You can win "real cash" in Zynga games. Often you get it for leveling up, though in Cafe World you can win it on a free spin. Again, other games do this to a degree, but I've been able to use the banked "cash" more effectively with the Zynga games. My strategy is to save it up until I hit something that I can't accomplish otherwise, because I have a limited number of friends playing. Then "spend".

I played "Farm Town" for a while along with "Farmville", and I rather enjoyed it too. But one of the issues there was every "coin" building they rolled out often had a "cash" building too - and some "coin" buildings couldn't make certain items unless you had a corresponding "cash" building. That was a downer. Then it became impossible to expand to a third location unless you had ten(?) friends playing. No way around it. (Or if there was a cash option, I'd already had to spend the cash on their buildings.) So, never went back to that one. (Well, actually I did after a bunch of months, but it hadn't changed, so I didn't resume.)

With Zynga, I always feel like I've got that little reserve that's been building up, which I can use to vault past any blocks that I really want to succeed at. Plus, there's those gift cards that people bought for me. And I know they put on picture competitions and the like (at least in Farmville) which is another opportunity to get game cash. And if you're subscribed by email and don't log in for a while, you also seem to get cash incentives to start playing again (at least in CityVille).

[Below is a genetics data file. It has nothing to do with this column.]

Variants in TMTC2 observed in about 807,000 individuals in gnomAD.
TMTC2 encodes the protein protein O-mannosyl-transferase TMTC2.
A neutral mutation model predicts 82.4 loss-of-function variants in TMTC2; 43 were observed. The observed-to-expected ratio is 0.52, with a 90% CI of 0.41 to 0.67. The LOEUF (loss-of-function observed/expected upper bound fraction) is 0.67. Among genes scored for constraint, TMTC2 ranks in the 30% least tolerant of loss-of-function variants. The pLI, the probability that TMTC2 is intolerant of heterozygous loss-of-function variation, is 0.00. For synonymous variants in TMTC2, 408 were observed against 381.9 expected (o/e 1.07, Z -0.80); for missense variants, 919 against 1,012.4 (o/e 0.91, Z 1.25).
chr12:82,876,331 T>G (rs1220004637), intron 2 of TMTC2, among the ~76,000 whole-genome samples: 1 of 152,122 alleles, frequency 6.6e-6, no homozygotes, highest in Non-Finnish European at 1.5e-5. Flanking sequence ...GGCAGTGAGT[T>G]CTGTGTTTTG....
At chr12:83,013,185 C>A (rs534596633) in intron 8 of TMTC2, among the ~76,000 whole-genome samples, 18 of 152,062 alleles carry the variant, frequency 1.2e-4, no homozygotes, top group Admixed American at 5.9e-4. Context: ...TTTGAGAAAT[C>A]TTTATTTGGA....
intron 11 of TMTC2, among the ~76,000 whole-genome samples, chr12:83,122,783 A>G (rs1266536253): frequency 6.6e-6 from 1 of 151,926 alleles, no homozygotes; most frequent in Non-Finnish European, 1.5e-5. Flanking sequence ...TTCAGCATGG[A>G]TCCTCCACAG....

It does sort of make me wonder what their business model looks like, but anyway, people like something for (practically) nothing.


Yeah, Zynga games have these. Not necessarily life altering storylines, but events offering insights into the way the characters think. With some of their more recent games, Zynga's even put out videos promoting their characters... here's one for Castleville's Sonja and George.

I like when the NPCs have personalities. Hank, the store owner in FrontierVille. Ruth, the pigeon lady in CityVille. They've tried to reverse engineer some characters (like "Truffles the pig" in Farmville), but that hasn't really caught on. So it's more in their later endeavours.

Still, it makes me feel like someone at the company either put a little extra thought into the designs, or at least had the foresight to toss in a stereotype that a character could be built around. It wouldn't surprise me to learn that there was fanfic out there about Zynga characters.

And the visual look of the characters is good too, again, in my opinion. Be they the in-game ones, or for some of the games, the ones you design yourself. They're nicely cartoony with just a pinch of realism. Your mileage may vary.
Which is the NPC?

Of course, this is also where the bad starts to run into the good, as a cute character arrives in the storyline... then arrives for a second time, as you haven't actually completed the quest where they leave yet... buh?

More on the BAD in the next part.